A Building worth writing about: Montreal’s new PHI Centre for the Arts

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Pheobe Greenberg, founder of the DHC/ART foundation for contemporary art, backs another remarkable project: Old Montreal’s smart building for art, the PHI-Centre. The four-floored, redefined historical building opens its doors as an interactive and collaborating centre for the arts. With the technology and capacity to house a variety of events from film screenings, to music concerts, to artist talks, the space presents itself as helping to “make Montreal a global hub for arts and creativity”.

The opening show “AMENTIA: A Moment of Insanity” delivers in many aspects of the PHI Centre’s vision: evolving, open-ended and interactive. Artist Jean-Francois Mayrand’s project centers around each viewer’s reactions and interactions with a madman (portrayed by actor Gaetan Nadeau). Unfolding in a three-screen walled room, each individual is invited to enter a “dialogue of gestures” that progresses in response to the viewer’s movements. The experience is then mapped into an ink-blot like print and offered for purchase.

While the aura around the secluded darkened room added hype to the experience, the building itself is truly worth writing about. The space is striking, the art is commendable and the potential is grand. With the most advanced technology and entirely versatile space, the PHI Center truly holds the potential to develop as Montreal’s artistic hub.

And pulling at our principled, progressive heartstrings, the PHI Centre further promotes environmental awareness. The center is aiming for a gold standing of LEED certification, an international grading system for the design and construction of green, sustainable and energy efficient buildings.

With a new and innovative business model, the PHI Centre has been undergoing what was termed an “incubation” period of trial and development. This offers locals a wonderful chance at engaging with the development of the space. Chris Clark, the community manager for the Phi Center, noted that rather than offering up the space for independent rentals, the center would ideally like to incorporate themselves in the process of planning events. Such collaboration provides the center with the chance to develop as the core of Montreal’s artistic community.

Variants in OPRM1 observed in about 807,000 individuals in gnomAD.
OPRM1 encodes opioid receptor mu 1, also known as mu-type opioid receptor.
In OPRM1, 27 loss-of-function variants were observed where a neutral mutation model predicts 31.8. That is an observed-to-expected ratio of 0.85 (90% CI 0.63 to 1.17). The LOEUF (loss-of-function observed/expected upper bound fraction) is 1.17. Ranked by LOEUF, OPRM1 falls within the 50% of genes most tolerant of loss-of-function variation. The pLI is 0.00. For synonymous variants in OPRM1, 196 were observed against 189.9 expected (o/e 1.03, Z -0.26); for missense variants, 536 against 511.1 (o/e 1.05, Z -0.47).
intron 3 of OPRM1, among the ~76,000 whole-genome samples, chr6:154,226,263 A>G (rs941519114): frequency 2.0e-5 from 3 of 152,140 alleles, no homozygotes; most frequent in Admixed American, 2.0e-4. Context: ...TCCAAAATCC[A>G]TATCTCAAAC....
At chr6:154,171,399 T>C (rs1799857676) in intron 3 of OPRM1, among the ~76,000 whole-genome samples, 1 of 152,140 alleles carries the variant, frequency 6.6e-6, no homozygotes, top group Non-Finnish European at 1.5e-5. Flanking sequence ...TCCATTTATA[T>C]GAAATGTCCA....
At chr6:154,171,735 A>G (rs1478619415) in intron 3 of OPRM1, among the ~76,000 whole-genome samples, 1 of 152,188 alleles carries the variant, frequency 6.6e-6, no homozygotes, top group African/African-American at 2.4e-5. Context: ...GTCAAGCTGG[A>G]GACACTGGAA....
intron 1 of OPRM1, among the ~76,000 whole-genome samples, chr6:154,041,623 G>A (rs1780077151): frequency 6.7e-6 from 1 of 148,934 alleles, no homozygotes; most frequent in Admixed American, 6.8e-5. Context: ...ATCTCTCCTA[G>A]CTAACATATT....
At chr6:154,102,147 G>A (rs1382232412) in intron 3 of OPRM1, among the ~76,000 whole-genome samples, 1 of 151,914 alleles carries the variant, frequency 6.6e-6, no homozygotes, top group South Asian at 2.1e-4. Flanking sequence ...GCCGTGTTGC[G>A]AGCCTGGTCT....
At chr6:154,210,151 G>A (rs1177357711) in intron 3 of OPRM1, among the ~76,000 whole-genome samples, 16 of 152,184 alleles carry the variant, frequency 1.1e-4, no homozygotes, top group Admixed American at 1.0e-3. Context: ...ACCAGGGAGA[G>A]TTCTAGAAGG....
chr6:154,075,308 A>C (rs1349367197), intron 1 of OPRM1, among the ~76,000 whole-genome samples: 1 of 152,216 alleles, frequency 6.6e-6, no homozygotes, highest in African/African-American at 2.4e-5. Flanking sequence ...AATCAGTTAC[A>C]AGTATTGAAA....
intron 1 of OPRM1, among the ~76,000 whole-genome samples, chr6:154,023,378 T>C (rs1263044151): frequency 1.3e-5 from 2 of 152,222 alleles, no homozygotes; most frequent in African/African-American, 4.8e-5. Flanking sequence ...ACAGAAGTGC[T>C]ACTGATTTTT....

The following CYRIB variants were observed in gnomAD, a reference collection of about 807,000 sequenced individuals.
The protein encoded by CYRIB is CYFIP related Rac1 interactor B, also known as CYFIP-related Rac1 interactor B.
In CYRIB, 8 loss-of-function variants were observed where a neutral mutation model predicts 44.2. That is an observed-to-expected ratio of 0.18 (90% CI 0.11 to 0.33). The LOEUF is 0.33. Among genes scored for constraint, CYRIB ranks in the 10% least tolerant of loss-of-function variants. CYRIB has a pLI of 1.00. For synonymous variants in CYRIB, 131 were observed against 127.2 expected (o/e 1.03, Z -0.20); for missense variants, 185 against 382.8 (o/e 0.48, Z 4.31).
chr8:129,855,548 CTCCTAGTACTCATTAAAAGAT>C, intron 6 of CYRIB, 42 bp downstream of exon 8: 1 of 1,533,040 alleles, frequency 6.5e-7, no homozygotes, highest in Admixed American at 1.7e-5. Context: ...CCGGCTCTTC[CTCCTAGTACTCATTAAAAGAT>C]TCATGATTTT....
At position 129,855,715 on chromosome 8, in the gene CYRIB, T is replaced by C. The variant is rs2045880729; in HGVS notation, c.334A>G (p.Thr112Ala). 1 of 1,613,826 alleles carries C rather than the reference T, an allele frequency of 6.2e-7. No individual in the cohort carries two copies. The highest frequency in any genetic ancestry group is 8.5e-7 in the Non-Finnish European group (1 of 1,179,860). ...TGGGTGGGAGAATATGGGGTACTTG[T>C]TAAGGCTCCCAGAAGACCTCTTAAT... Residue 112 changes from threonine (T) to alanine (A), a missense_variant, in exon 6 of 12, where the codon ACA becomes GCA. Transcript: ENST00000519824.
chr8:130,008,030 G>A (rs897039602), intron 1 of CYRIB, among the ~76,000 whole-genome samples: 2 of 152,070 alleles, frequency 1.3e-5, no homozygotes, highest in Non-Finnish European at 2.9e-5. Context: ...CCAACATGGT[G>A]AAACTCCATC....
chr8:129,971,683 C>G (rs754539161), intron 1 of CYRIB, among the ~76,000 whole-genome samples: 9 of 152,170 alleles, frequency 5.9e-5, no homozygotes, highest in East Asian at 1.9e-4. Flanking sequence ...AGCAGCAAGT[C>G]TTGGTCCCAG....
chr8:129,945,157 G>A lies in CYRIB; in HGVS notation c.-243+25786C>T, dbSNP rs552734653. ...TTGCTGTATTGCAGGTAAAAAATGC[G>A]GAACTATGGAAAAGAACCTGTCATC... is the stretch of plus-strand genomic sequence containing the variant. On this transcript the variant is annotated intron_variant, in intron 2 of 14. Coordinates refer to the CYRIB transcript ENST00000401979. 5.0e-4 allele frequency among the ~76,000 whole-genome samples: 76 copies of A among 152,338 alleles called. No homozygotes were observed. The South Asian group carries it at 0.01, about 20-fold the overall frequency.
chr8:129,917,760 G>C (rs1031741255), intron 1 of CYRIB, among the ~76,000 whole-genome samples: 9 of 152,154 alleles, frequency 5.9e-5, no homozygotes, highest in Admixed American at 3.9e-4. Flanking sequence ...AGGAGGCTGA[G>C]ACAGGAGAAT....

Most curiously, I am eager to see what crowd the center will entice. Without a formal press conference, the center portrayed their community-oriented, conversational and accessible intention by presenting the opening night of AMENTIA to a local line-up of bloggers. The space held an easy-going and laugh-filled evening that I unofficially consider my initiation into a group of interested and engaging people, which I further imagine is what the PHI Center intends for its future.

But with their upcoming incubation period, the space will slowly delineate through its events and visitors. Being an emphatic dreamer, I am still hung up on the idea of Montreal’s unfulfilled potential, and look to the PHI Center with naive and enthusiastic eyes. Ideally, I would love to see the center truly develop into an artistic hub. But my idealistic, rather than realistic, perspective prevents predicting what type of frequenters would determine such a space. The young and offbeat; the mature and established?

Luckily, I have not been presented the task of determining the PHI Centre’s business plan and subsequent demographic. But in contributing what will be the beginning of a long and diverse discourse centering around the space, I feel my words play a part.

And so I present, with the meager power invested in my words, an indeterminate and diverse space to be filled by those attracted to the promise of art as an open-ended community. I present the PHI Centre as that promise and the reader, consequently, as its answer. Check it out. Tell me what you think.

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